“…the future of business lay in its ability to manufacture customers as well as products.”

That’s a quote from an advertising trade publication from the early 1900’s referencing mass production and the shift from scarcity to abundance. It also struck me as what’s often missed about advertising.

Advertising has two (simplified) central components:

1) To convince people to buy your product when they’re interested in the category (I need toothpaste…hmm…what kind should I buy?)

2) To convince people that they should want your product/category when they don’t really. (creating demand where there it previously didn’t exist)

When you think about #1, Google AdWords could come to mind. Google makes their money selling ads based on your perceived intent. If you searched for “web hosting plans,” you’ll see a slew of offers from companies that offer this service. You could say it’s worked out pretty well for them.

#2, the latter is manufacturing customers. It’s been at the core of advertising for years. It summons the culture of guilt, playing on insecurities, and keeping up with the Joneses. It’s exactly the world we live in. When I think about how crassly superficial a global society we’ve become, it seems obvious. I’m often struck by how few marketers understand and/or explicitly think about this division.

I wonder what the Great Global Disaster of ’08 will mean for our consumer culture. Will we step back from the age of abundance to a more rational time of earnings and expenditures? Will advertising and marketing as a whole completely change as a result? As long as there is a choice of products, there will always be marketing. But the kind of marketing is dictated by the times.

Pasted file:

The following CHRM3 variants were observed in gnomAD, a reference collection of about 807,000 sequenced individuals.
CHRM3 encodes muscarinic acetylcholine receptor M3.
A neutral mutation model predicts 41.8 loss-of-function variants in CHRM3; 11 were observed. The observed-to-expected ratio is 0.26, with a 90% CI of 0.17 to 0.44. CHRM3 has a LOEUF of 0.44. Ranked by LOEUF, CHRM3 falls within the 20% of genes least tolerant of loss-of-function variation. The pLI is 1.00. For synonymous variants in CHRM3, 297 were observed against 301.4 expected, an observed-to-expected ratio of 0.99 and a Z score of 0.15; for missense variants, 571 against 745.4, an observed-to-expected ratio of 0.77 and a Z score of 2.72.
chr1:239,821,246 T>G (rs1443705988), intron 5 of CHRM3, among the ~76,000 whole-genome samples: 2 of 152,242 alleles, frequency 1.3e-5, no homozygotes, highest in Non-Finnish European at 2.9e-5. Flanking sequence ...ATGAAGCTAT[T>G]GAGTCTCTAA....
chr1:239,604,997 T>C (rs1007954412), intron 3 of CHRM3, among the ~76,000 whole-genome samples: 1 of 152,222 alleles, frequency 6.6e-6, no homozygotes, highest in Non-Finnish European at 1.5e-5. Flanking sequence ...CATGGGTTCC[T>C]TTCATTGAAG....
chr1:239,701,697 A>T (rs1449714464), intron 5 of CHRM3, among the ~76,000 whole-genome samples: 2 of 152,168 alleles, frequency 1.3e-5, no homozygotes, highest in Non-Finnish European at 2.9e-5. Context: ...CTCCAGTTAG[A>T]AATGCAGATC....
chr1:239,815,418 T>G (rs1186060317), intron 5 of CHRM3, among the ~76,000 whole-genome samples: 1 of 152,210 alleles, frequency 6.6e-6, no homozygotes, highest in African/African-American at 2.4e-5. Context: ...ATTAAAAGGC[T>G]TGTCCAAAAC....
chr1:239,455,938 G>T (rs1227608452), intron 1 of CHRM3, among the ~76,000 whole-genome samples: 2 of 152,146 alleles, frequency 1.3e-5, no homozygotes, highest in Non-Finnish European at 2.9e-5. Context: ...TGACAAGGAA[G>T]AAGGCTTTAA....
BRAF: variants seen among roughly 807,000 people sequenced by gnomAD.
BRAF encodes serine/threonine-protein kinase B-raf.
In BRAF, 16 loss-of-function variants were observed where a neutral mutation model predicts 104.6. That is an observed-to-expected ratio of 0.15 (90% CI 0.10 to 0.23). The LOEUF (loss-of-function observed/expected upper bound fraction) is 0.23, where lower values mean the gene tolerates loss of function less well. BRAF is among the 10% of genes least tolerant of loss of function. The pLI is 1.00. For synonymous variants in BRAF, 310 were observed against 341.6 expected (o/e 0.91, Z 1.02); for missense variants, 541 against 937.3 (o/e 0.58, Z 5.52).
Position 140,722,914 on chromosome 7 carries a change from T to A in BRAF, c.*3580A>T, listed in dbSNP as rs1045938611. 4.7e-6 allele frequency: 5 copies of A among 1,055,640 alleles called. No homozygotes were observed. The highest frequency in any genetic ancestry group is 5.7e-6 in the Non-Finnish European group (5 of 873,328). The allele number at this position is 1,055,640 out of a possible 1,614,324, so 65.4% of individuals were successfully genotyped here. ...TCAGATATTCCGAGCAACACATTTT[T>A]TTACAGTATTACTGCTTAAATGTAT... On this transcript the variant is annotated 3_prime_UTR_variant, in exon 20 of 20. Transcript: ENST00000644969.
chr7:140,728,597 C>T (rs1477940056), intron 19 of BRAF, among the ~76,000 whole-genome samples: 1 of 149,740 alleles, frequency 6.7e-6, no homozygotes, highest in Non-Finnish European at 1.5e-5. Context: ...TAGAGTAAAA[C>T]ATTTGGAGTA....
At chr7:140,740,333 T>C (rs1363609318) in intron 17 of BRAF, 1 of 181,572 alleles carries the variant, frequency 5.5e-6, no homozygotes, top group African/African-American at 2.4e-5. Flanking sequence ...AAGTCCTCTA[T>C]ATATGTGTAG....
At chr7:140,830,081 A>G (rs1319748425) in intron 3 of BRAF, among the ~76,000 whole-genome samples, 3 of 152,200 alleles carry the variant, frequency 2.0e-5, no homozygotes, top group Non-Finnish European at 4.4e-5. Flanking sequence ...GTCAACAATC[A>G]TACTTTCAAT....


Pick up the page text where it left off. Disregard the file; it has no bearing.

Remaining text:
This runs a straight line through a few of my previous posts, and this thought stream brought me to reading The Age of Abundance which is a lightly-heavy read. It’s where the intro quote is from.

One Response

  1. I don't think that we are at a point yet where advertising and marketing have to change completely. The wealthy will always be a market for the second category of goods you described above. But will the middle class? and for how long if the economy continues to struggle? I don't know the exact numbers but I would say the middle class has already started pulling back on luxury purchases. You can get a clear indication of that at the local mall, especially the premium brands(Louis Vutton etc.).

    The question though is, have the middle class come to their senses where they will never go back to these premium items? Thus necessitating a change in the way things are advertised and marketed? Not anytime soon and if you ask me probably never. i don't think we are ever going back to the good old days where people only bought things they needed. Not with the pop culture generation coming up next. The only way this will happen is the economy completely goes in the tank. I am talking great depression levels. Otherwise this is just a speed-bump in the age of abundance. Atleast I hope so.

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